Financial services that can be assembled and disassembled like a Lego game? This is the promise of Open Banking advantages and the opportunities it offers. The idea is simple: the ability for companies — financial or not — to connect to a bank’s services securely to develop their applications using customer data with the customer’s consent.
Open Banking advantages
For consumers, this technology opens many digital innovations, like facilitating online shopping, speeding up credit, and personalized wealth advice. All this comes down to an ultra-simplified process that can be carried out in a few seconds on a mobile phone.
Open Banking story
More than six years ago, I was at the origin of the Open Banking initiative at a large bank.
I had a vision: the need to open smartly the CBS (core banking system) to create an ecosystem that would encourage innovation, taking advantage of the collective intelligence of startups and Fintech.
I thought and believed that if the bank did not thoroughly review their business model, commercial banks would fall apart with negative interest rates, very timid risk ratios, and a margin on payments destined to be wiped out in my point of view
What needed to change?
Digital transformation is what was needed — in-depth — moving from being the guarantors of assets and financial flows to be repositioned as a trusted platform for digital values: secure and anonymous digital identity, e-health data as the result of DNA sequencing, monetization of its service ecosystem like a financial marketplace.
In the long term, I was betting on the emergence of large online financial supermarkets, such as the models developed by Amazon or the Chinese Alibaba. On these platforms, customers could build their financial services offer from A to Z via multiple suppliers.
Further, as part of a secure and seamless process: a savings book on one platform, a bank card, or insurance on another, all accessible and configurable on the same interface.
Our course of action and the results
We opened — in the format of secure open API, supported by an innovative digital identity — the entire CBS of this bank. We federated about 20 companies specialized in digital by giving them access to these open APIs. The results were amazing!
While a traditional commercial bank releases one mobile application every three years, thanks to open APIs, we produced more than 110 digital applications in four years.
This includes smartphones to Google Home, Apple Watch, and other innovative devices, all while using the latest technologies like biometrics, AI, and blockchain. All this was made possible using the open API!
Talks about PSD2
All European banks were watching this initiative. When the idea of the European regulator of a directive forcing financial institutions to open their systems (PSD2) came up, I was called by the Fédération Bancaire française, the EBF, and the EACB to present the feedback on our initiative.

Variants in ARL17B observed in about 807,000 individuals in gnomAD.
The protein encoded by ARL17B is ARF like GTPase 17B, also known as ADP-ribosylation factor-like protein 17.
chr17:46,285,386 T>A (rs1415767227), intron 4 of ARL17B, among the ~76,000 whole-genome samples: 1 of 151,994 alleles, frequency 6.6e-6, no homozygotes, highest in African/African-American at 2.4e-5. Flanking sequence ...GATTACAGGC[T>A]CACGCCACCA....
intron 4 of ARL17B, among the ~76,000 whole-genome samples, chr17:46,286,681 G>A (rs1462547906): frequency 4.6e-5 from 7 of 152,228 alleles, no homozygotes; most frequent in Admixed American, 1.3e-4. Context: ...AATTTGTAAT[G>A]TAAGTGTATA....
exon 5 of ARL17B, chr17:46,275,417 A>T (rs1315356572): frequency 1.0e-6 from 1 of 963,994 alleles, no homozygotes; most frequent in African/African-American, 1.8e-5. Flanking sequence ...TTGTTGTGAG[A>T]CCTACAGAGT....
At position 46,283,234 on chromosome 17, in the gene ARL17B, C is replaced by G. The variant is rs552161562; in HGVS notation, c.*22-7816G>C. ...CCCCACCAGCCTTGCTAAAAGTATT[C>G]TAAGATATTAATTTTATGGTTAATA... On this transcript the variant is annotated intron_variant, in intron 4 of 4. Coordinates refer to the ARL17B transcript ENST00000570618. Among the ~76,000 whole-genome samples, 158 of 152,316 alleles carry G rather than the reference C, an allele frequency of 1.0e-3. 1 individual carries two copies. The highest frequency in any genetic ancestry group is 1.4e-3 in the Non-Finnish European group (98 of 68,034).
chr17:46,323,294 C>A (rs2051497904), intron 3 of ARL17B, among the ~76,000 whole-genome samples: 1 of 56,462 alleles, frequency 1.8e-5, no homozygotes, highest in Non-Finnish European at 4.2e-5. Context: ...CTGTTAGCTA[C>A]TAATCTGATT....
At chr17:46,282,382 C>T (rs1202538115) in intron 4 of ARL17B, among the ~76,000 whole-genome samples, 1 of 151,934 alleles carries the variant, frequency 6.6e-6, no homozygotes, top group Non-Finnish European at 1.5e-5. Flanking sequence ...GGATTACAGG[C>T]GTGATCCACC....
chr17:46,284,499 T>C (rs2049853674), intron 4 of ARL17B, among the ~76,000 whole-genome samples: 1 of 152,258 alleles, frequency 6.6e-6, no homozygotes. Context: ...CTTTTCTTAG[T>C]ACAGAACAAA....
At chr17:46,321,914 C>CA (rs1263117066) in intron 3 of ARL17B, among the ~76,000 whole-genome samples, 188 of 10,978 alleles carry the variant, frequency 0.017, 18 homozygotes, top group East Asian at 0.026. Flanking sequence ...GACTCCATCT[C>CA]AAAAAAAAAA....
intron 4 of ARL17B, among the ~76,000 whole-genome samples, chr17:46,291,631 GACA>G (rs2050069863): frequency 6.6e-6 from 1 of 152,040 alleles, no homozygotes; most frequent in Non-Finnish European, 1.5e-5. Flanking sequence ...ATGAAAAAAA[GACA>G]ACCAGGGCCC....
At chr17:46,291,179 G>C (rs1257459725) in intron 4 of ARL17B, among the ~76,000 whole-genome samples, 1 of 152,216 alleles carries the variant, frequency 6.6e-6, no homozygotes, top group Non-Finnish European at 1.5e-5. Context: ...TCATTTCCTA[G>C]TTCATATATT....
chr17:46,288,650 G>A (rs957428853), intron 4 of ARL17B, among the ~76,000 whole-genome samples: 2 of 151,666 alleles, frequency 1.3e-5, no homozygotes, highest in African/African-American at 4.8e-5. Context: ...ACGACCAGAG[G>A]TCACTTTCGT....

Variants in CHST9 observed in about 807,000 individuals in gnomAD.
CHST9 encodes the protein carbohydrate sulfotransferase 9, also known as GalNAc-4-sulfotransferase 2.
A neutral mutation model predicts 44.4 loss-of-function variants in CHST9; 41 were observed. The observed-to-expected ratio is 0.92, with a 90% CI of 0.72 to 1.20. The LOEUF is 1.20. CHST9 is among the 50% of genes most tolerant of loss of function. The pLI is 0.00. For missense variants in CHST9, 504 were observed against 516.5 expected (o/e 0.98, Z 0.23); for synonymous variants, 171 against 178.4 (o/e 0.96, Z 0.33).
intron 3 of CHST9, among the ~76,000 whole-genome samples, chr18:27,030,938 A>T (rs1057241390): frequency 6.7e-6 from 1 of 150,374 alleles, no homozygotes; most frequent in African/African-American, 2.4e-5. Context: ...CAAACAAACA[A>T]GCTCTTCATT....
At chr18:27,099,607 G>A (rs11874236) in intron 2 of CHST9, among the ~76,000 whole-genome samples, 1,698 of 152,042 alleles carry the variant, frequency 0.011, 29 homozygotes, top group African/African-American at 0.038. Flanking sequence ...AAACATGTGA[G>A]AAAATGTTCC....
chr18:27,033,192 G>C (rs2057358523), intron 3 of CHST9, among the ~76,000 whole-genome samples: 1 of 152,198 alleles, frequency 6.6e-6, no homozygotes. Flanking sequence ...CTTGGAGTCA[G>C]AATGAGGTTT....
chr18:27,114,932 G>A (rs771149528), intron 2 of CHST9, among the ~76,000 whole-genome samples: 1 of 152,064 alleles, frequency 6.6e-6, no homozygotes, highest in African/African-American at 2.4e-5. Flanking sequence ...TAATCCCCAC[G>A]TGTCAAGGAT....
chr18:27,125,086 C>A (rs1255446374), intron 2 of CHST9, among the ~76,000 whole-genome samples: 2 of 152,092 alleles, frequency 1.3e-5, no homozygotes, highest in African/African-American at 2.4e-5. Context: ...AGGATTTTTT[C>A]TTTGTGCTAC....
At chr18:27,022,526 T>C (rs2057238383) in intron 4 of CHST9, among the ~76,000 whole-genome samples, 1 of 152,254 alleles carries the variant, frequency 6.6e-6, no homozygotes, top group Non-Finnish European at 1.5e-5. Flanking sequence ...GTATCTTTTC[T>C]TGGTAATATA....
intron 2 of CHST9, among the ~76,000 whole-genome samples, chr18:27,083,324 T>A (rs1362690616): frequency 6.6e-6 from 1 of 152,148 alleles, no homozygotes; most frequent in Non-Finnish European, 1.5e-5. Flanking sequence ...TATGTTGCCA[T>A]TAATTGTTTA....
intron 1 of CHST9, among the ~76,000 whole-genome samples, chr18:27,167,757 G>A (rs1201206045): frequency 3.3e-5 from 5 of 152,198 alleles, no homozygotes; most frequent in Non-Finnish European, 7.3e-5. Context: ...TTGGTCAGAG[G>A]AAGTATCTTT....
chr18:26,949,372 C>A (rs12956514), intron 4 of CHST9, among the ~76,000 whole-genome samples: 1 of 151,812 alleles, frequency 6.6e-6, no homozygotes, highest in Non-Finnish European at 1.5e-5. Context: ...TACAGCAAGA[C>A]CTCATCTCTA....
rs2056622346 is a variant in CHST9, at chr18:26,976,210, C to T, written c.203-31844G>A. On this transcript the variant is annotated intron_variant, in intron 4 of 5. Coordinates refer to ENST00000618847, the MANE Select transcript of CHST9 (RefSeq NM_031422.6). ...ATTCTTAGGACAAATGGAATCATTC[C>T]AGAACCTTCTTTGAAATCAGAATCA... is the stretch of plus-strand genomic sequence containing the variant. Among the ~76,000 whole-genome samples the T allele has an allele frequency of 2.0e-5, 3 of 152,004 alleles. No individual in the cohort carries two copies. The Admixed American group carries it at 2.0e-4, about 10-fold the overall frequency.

The discussions on how to apply this opening, the PSD2, were only between banks! My vision was the opposite of the banks’ business strategy, which still expected to keep control of the customer relationship from start to finish.
It took me many working meetings to demonstrate the value of openness, the APIs as a catalyst for innovation. I ended up turning the situation around by explaining that paradoxically, open API, the openness of CBSs, allowed them to re-establish control over customer data, at a time when this data was being hijacked via screen-scraping tools by many unregulated aggregators.
More than 9,000 bots connected every night to steal the data and store it anywhere in unsecured clouds. Therefore, I proposed an opening of the entire CBS with two counterparties:
- A development contract to control who works with customer data and how.
- The right to block screen scraping tools to stop the leakage of customer data.
However, during the workshops, I quickly understood that the banks were not ready at this stage. By not taking full stock of understanding the “network economy,” the bank doesn’t understand the necessity to involve the Fintechs in the specification process.
I explained that the API should be a product and that the opinion of the final consumer (Fintech) of the product was important, but never were the Fintechs invited to the GTs’ discussions. The result? Not happy people!
Indeed, banks that have not played the game of a complete opening of their IT have allowed aggregators to continue screen scraping. At the time, I have not seen a single aggregator dismantling its screen-scraper bots’ system.
On the Fintech side, the difficulties of access and complexity mean that to date, no innovations using PSD2 APIs have reached the market. The customer, therefore, does not benefit from any innovation.
What will happen after the PSD2?
It’s highly probable that a PSD3 will require financial institutions to open their entire IS, free of charge. Banks would have benefited from anticipating all this and providing a monetization system for their open IS, BAAS, to make their investments more profitable.
Proposals for PSD3 are here: what does it mean for banks?